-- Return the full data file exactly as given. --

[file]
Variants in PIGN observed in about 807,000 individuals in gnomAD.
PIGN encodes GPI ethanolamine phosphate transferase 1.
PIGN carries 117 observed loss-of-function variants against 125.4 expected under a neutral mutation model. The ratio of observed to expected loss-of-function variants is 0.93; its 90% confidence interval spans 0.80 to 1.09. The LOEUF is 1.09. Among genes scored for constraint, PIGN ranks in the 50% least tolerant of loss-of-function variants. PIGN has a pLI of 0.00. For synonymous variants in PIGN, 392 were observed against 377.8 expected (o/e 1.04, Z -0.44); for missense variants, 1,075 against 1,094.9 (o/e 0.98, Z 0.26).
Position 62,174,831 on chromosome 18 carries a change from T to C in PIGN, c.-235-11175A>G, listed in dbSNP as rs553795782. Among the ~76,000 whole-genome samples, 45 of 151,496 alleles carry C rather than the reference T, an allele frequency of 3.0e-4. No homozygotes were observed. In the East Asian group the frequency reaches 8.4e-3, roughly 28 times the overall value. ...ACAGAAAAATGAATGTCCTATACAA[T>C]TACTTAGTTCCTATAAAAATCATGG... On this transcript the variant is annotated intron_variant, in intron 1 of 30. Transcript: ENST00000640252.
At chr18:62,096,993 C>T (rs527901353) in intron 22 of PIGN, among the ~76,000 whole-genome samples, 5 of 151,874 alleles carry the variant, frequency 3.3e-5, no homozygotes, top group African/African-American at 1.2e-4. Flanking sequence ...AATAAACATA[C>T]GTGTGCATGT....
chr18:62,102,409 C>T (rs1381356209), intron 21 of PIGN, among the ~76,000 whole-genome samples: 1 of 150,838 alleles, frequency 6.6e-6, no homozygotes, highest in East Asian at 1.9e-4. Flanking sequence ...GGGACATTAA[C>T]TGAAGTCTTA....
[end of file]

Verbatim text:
Variants in PIGN observed in about 807,000 individuals in gnomAD.
PIGN encodes GPI ethanolamine phosphate transferase 1.
PIGN carries 117 observed loss-of-function variants against 125.4 expected under a neutral mutation model. The ratio of observed to expected loss-of-function variants is 0.93; its 90% confidence interval spans 0.80 to 1.09. The LOEUF is 1.09. Among genes scored for constraint, PIGN ranks in the 50% least tolerant of loss-of-function variants. PIGN has a pLI of 0.00. For synonymous variants in PIGN, 392 were observed against 377.8 expected (o/e 1.04, Z -0.44); for missense variants, 1,075 against 1,094.9 (o/e 0.98, Z 0.26).
Position 62,174,831 on chromosome 18 carries a change from T to C in PIGN, c.-235-11175A>G, listed in dbSNP as rs553795782. Among the ~76,000 whole-genome samples, 45 of 151,496 alleles carry C rather than the reference T, an allele frequency of 3.0e-4. No homozygotes were observed. In the East Asian group the frequency reaches 8.4e-3, roughly 28 times the overall value. ...ACAGAAAAATGAATGTCCTATACAA[T>C]TACTTAGTTCCTATAAAAATCATGG... On this transcript the variant is annotated intron_variant, in intron 1 of 30. Transcript: ENST00000640252.
At chr18:62,096,993 C>T (rs527901353) in intron 22 of PIGN, among the ~76,000 whole-genome samples, 5 of 151,874 alleles carry the variant, frequency 3.3e-5, no homozygotes, top group African/African-American at 1.2e-4. Flanking sequence ...AATAAACATA[C>T]GTGTGCATGT....
chr18:62,102,409 C>T (rs1381356209), intron 21 of PIGN, among the ~76,000 whole-genome samples: 1 of 150,838 alleles, frequency 6.6e-6, no homozygotes, highest in East Asian at 1.9e-4. Flanking sequence ...GGGACATTAA[C>T]TGAAGTCTTA....